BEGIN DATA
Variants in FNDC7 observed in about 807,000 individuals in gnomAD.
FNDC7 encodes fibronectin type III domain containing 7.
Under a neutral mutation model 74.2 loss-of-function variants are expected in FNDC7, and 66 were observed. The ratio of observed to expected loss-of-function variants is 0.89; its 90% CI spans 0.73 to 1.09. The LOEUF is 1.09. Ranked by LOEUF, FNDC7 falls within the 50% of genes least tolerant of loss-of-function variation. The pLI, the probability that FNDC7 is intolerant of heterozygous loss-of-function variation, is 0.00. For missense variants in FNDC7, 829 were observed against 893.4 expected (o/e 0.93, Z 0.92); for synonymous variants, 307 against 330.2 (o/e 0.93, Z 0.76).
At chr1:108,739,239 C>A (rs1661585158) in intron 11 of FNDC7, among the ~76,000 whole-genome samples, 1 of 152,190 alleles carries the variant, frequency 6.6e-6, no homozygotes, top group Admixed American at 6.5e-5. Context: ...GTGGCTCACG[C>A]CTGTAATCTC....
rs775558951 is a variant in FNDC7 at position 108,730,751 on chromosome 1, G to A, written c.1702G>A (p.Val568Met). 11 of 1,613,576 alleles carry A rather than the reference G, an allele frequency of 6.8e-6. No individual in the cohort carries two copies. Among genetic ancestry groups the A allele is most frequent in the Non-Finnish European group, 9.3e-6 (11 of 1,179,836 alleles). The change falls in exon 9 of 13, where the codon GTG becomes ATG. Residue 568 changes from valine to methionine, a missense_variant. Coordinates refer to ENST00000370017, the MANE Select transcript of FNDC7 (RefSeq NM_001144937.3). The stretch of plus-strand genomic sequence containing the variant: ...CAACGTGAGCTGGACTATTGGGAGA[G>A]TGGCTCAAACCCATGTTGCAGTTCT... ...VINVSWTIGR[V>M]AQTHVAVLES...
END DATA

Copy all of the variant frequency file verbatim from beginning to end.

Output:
Variants in FNDC7 observed in about 807,000 individuals in gnomAD.
FNDC7 encodes fibronectin type III domain containing 7.
Under a neutral mutation model 74.2 loss-of-function variants are expected in FNDC7, and 66 were observed. The ratio of observed to expected loss-of-function variants is 0.89; its 90% CI spans 0.73 to 1.09. The LOEUF is 1.09. Ranked by LOEUF, FNDC7 falls within the 50% of genes least tolerant of loss-of-function variation. The pLI, the probability that FNDC7 is intolerant of heterozygous loss-of-function variation, is 0.00. For missense variants in FNDC7, 829 were observed against 893.4 expected (o/e 0.93, Z 0.92); for synonymous variants, 307 against 330.2 (o/e 0.93, Z 0.76).
At chr1:108,739,239 C>A (rs1661585158) in intron 11 of FNDC7, among the ~76,000 whole-genome samples, 1 of 152,190 alleles carries the variant, frequency 6.6e-6, no homozygotes, top group Admixed American at 6.5e-5. Context: ...GTGGCTCACG[C>A]CTGTAATCTC....
rs775558951 is a variant in FNDC7 at position 108,730,751 on chromosome 1, G to A, written c.1702G>A (p.Val568Met). 11 of 1,613,576 alleles carry A rather than the reference G, an allele frequency of 6.8e-6. No individual in the cohort carries two copies. Among genetic ancestry groups the A allele is most frequent in the Non-Finnish European group, 9.3e-6 (11 of 1,179,836 alleles). The change falls in exon 9 of 13, where the codon GTG becomes ATG. Residue 568 changes from valine to methionine, a missense_variant. Coordinates refer to ENST00000370017, the MANE Select transcript of FNDC7 (RefSeq NM_001144937.3). The stretch of plus-strand genomic sequence containing the variant: ...CAACGTGAGCTGGACTATTGGGAGA[G>A]TGGCTCAAACCCATGTTGCAGTTCT... ...VINVSWTIGR[V>M]AQTHVAVLES...